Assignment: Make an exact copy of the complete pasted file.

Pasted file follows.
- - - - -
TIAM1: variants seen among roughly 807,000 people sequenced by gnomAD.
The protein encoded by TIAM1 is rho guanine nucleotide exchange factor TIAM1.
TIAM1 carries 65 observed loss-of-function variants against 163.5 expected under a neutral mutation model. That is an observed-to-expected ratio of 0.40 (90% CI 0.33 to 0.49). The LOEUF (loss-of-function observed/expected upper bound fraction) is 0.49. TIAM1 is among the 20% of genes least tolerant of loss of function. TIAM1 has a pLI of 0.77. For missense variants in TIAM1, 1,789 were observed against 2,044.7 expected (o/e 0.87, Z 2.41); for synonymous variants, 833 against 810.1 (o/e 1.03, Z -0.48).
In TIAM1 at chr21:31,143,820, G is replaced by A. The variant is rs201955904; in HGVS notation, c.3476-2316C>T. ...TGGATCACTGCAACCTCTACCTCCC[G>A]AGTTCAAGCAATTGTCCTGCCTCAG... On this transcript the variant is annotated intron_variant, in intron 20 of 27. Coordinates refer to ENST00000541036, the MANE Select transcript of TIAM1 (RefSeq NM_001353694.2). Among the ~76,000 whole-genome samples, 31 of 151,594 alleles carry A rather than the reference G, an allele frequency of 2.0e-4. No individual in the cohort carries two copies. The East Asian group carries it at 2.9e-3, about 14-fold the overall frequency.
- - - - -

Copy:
TIAM1: variants seen among roughly 807,000 people sequenced by gnomAD.
The protein encoded by TIAM1 is rho guanine nucleotide exchange factor TIAM1.
TIAM1 carries 65 observed loss-of-function variants against 163.5 expected under a neutral mutation model. That is an observed-to-expected ratio of 0.40 (90% CI 0.33 to 0.49). The LOEUF (loss-of-function observed/expected upper bound fraction) is 0.49. TIAM1 is among the 20% of genes least tolerant of loss of function. TIAM1 has a pLI of 0.77. For missense variants in TIAM1, 1,789 were observed against 2,044.7 expected (o/e 0.87, Z 2.41); for synonymous variants, 833 against 810.1 (o/e 1.03, Z -0.48).
In TIAM1 at chr21:31,143,820, G is replaced by A. The variant is rs201955904; in HGVS notation, c.3476-2316C>T. ...TGGATCACTGCAACCTCTACCTCCC[G>A]AGTTCAAGCAATTGTCCTGCCTCAG... On this transcript the variant is annotated intron_variant, in intron 20 of 27. Coordinates refer to ENST00000541036, the MANE Select transcript of TIAM1 (RefSeq NM_001353694.2). Among the ~76,000 whole-genome samples, 31 of 151,594 alleles carry A rather than the reference G, an allele frequency of 2.0e-4. No individual in the cohort carries two copies. The East Asian group carries it at 2.9e-3, about 14-fold the overall frequency.